It is long overdue that I write about my one great food love: herring. The new season started in June and to my joy the New Herring (Hollandse Nieuwe) can be obtained in Berlin as well!
Herring is a major part of Dutch food culture: it is eaten “raw” after a process of gibbing, saltening, curing, and – nowadays – freezing. This technique was invented centuries ago as a way to preserve the fish longer. Back in time more salt was used and not all fish was equally fresh, so diced raw onion was served with the fish to obscure any unpalatable flavours. Still today herring is generally served with onion and pickles – out of preference, not necessity :).
It is a controversial dish in that people tend to either love it or hate it. Whether it´s the idea of eating raw fish, the soft but slippery texture, the salty flavour, or the fact you´ll smell like fish the rest of the day – herring has collected a solid hater base. The fan base is formed of those who know how to appreciate the soft, fatty flavour of the New Herring.
Every June we celebrate the arrival of the New Herring with a festival in Scheveningen: Flag Day (Vlaggetjesdag). The first barrel of herring is auctioned and the best herring can be eaten there. Then the hunt for the Netherlands´ best herring shop is on: there are tests and competitions. Every Dutch herring fan will know where to get the best herring in his or her town.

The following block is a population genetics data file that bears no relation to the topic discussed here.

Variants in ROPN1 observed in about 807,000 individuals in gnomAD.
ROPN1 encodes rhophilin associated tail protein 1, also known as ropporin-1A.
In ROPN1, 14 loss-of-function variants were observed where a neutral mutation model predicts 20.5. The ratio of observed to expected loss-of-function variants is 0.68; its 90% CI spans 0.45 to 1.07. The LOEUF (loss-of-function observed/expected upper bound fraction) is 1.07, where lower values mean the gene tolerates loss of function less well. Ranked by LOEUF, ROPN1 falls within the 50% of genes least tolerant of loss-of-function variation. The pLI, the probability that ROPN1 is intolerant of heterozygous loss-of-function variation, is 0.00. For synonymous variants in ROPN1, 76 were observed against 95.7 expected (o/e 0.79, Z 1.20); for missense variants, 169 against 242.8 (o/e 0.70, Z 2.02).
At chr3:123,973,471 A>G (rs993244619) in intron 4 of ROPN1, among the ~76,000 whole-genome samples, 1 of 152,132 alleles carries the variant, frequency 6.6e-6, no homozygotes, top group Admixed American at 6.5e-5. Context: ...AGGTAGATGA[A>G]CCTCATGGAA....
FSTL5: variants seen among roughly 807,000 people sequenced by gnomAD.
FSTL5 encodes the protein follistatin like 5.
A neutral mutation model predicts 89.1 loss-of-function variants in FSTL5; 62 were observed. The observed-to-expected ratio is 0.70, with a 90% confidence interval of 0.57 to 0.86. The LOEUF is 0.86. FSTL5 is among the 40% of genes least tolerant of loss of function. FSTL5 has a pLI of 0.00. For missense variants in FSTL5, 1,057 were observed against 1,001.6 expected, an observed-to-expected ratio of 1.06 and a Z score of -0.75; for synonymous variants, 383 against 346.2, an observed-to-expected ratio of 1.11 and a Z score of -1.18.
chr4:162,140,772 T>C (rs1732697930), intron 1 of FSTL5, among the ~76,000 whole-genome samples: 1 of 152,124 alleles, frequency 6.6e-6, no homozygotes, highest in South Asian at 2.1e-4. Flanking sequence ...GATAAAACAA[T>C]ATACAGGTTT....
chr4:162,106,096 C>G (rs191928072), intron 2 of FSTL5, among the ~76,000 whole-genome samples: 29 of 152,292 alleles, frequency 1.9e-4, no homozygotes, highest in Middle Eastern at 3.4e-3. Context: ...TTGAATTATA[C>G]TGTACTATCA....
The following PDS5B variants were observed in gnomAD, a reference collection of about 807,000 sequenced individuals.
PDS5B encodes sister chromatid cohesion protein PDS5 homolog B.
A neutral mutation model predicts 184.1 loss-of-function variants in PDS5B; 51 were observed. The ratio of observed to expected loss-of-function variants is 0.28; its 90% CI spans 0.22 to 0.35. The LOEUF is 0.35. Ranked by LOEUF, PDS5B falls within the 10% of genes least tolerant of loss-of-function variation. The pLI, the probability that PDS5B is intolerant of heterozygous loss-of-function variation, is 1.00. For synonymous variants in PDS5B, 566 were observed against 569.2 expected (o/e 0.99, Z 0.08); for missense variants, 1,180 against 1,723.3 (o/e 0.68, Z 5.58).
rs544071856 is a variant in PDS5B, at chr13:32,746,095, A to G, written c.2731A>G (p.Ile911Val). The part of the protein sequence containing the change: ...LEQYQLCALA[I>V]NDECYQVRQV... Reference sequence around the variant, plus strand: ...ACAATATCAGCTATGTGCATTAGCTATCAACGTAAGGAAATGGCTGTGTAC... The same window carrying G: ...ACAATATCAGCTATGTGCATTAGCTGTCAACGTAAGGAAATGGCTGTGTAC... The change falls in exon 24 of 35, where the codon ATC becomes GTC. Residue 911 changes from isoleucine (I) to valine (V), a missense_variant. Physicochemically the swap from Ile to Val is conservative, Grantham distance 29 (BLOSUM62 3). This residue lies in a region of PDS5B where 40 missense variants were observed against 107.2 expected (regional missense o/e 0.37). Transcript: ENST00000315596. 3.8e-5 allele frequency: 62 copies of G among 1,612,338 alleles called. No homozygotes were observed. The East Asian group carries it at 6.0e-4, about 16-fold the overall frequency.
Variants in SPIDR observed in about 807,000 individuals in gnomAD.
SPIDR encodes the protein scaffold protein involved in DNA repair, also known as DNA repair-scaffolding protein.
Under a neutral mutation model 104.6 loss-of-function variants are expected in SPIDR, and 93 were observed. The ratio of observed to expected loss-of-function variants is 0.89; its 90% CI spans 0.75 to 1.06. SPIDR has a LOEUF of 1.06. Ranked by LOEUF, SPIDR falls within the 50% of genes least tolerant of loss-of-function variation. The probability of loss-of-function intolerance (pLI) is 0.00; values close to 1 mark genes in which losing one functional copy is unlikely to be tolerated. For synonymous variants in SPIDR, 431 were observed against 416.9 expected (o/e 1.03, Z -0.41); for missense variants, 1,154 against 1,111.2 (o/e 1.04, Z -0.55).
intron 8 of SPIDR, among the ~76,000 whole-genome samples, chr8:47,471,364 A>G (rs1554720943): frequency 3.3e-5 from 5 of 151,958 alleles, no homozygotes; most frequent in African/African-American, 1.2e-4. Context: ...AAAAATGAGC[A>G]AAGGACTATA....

Not any herring can be a New Herring though. No, no, no: the fish is subject to a strict set of rules before it can call itself New. It has to be caught between mid-May and mid-June, so that the fat percentage is up to standard (minimum 16%), it must be processed as described above, and it needs to be filleted correctly (head and fish bones removed except for the tail). Anything fished later can still be eaten of course, but then it´s just a plain old “salt herring”…
The true herring lover will recognise the New Herring without knowing its background: it will taste soft, not too salty, tender, and, well, delicious! The fanatics among us herring fans will tell you the New Herring does not need any condiments (no onion! no pickle!) and should be eaten whole by lifting the fish up by its tail and lowering it to bite off a piece.
I agree a good herring doesn´t need much, but wouldn´t frown upon a pickle or bit of onion here and there. In terms of accompanying drinks, you could think of a good glass of white (sparkling) wine. But as a true Dutch, I secretly prefer to pair it with fresh milk.
Then there are tons of variations on how to serve the fish: on rye bread, in a bun, or even as sushi. In the Netherlands we tend to stick with the salty herring, but other countries have found a great diversity of ways to prepare the fish: marinated, smoked, fried, or matched with sweet or sour sauces, or vegetables. A truly versatile fish!
And if you´re still not convinced of the culinary qualities of herring, perhaps the health benefits will do the trick. A good herring is full of healthy fats, proteins, and vitamins. I strongly believe my grandma made it to old age in good health thanks to her tendency to eat a herring almost every day.
I find this a very good excuse for getting a good herring as often as I can!
Photo credit: LL, JLO, NT